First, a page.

The positive photoresist stripping composition of the invention allows operation at relatively low temperatures which is advantageous for safety reasons and especially because lower temperatures minimize the fire hazard from solvent fumes which would pose a greater danger to personnel when hot liquids and vapors are present. Additionally, the lower temperature substantially facilitates renewal of the stripping solutions during operations. Also, operation at lower temperatures reduces vaporization which can lead to an objectionable change in the stripping solution composition.
It will be understood that considerable variation in the conditions and materials may be made within the dislosure provided herein and, therefore, it is not intended that the invention be limited except as set forth in the claims.
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|U.S. Classification||430/256, 510/176, 510/212, 510/500, 510/202, 134/38, 430/260, 510/407, 430/329|
|Apr 25, 1988||AS||Assignment|
Owner name: HMC PATENTS HOLDING CO., INC., LIBERTY LANE, HAMPT
Free format text: ASSIGNMENT OF ASSIGNORS INTEREST.;ASSIGNOR:ALLIED CORPORATION, A NY CORP.;REEL/FRAME:004863/0807
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Owner name: HMC PATENTS HOLDING CO., INC.,NEW HAMPSHIRE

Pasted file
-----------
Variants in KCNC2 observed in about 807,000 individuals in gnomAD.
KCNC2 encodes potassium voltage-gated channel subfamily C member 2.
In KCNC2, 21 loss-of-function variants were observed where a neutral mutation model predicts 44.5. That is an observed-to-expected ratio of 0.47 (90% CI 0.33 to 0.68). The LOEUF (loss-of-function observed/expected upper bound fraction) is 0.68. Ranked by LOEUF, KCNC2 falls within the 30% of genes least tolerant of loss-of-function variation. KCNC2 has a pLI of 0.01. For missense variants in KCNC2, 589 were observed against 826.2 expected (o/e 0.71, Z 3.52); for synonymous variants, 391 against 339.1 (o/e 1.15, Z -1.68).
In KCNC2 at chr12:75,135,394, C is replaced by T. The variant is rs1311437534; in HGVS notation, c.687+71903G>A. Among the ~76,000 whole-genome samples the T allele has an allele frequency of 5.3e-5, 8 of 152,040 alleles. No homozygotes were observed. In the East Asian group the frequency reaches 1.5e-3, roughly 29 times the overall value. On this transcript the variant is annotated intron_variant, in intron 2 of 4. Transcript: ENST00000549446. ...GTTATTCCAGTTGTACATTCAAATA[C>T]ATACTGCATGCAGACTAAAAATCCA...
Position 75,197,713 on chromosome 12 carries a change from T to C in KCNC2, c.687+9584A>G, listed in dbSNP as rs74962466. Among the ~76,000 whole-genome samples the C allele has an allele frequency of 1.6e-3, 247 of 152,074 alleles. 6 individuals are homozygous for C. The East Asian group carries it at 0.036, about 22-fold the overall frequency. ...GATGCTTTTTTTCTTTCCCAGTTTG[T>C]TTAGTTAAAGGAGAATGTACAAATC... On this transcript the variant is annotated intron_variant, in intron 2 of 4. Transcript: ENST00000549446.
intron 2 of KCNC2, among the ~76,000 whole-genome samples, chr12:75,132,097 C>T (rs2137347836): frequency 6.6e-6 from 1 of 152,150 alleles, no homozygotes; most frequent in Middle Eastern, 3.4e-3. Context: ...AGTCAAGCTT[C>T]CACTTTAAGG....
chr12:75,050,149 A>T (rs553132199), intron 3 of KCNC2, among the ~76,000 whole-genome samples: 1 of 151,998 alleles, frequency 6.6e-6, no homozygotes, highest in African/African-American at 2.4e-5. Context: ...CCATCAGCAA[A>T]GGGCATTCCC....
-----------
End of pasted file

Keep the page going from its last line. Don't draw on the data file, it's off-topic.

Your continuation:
Free format text: ASSIGNMENT OF ASSIGNORS INTEREST;ASSIGNOR:ALLIED CORPORATION, A NY CORP.;REEL/FRAME:004863/0807
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|Sep 27, 1988||AS||Assignment|
Owner name: HMC PATENTS HOLDING CO., INC.
Free format text: ASSIGNMENT OF ASSIGNORS INTEREST.;ASSIGNORS:HENLEY GROUP, INC.;GENERAL CHEMICAL CORPORATION;REEL/FRAME:004976/0449
Effective date: 19880915
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Free format text: ASSIGNMENT OF ASSIGNORS INTEREST.;ASSIGNOR:ALLIED CORPORATION;REEL/FRAME:004998/0762
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Owner name: GENERAL CHEMICAL CORPORATION, NEW JERSEY
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Effective date: 19871106
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|Nov 30, 1992||SULP||Surcharge for late payment|
|Nov 30, 1992||FPAY||Fee payment|
Year of fee payment: 4
|Jul 23, 1996||REMI||Maintenance fee reminder mailed|
|Dec 15, 1996||LAPS||Lapse for failure to pay maintenance fees|
|Feb 25, 1997||FP||Expired due to failure to pay maintenance fee|
Effective date: 19961218